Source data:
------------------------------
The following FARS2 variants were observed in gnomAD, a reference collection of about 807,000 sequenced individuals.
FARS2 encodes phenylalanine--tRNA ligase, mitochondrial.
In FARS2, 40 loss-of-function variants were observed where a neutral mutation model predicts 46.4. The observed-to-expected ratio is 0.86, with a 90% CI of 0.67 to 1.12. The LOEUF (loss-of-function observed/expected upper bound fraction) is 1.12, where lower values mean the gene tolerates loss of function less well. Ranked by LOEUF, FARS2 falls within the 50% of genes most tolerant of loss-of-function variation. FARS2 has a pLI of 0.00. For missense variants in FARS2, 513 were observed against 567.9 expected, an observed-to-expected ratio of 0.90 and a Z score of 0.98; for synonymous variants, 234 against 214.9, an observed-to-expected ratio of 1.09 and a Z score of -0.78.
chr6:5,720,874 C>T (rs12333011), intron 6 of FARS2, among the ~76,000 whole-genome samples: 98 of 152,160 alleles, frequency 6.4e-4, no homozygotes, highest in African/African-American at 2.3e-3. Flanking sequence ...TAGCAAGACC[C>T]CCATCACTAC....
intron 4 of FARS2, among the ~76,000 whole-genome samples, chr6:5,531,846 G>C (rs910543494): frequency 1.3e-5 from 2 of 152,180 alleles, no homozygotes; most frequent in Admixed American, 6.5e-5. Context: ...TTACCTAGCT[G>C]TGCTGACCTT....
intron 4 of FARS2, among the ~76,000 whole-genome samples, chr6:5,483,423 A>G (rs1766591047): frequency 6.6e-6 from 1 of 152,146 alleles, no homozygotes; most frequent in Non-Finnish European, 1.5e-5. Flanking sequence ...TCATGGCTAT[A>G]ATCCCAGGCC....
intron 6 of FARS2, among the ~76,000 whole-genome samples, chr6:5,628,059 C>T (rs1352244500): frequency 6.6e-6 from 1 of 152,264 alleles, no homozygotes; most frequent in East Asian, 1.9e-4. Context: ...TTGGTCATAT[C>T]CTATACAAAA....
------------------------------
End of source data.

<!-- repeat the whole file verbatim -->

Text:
The following FARS2 variants were observed in gnomAD, a reference collection of about 807,000 sequenced individuals.
FARS2 encodes phenylalanine--tRNA ligase, mitochondrial.
In FARS2, 40 loss-of-function variants were observed where a neutral mutation model predicts 46.4. The observed-to-expected ratio is 0.86, with a 90% CI of 0.67 to 1.12. The LOEUF (loss-of-function observed/expected upper bound fraction) is 1.12, where lower values mean the gene tolerates loss of function less well. Ranked by LOEUF, FARS2 falls within the 50% of genes most tolerant of loss-of-function variation. FARS2 has a pLI of 0.00. For missense variants in FARS2, 513 were observed against 567.9 expected, an observed-to-expected ratio of 0.90 and a Z score of 0.98; for synonymous variants, 234 against 214.9, an observed-to-expected ratio of 1.09 and a Z score of -0.78.
chr6:5,720,874 C>T (rs12333011), intron 6 of FARS2, among the ~76,000 whole-genome samples: 98 of 152,160 alleles, frequency 6.4e-4, no homozygotes, highest in African/African-American at 2.3e-3. Flanking sequence ...TAGCAAGACC[C>T]CCATCACTAC....
intron 4 of FARS2, among the ~76,000 whole-genome samples, chr6:5,531,846 G>C (rs910543494): frequency 1.3e-5 from 2 of 152,180 alleles, no homozygotes; most frequent in Admixed American, 6.5e-5. Context: ...TTACCTAGCT[G>C]TGCTGACCTT....
intron 4 of FARS2, among the ~76,000 whole-genome samples, chr6:5,483,423 A>G (rs1766591047): frequency 6.6e-6 from 1 of 152,146 alleles, no homozygotes; most frequent in Non-Finnish European, 1.5e-5. Flanking sequence ...TCATGGCTAT[A>G]ATCCCAGGCC....
intron 6 of FARS2, among the ~76,000 whole-genome samples, chr6:5,628,059 C>T (rs1352244500): frequency 6.6e-6 from 1 of 152,264 alleles, no homozygotes; most frequent in East Asian, 1.9e-4. Context: ...TTGGTCATAT[C>T]CTATACAAAA....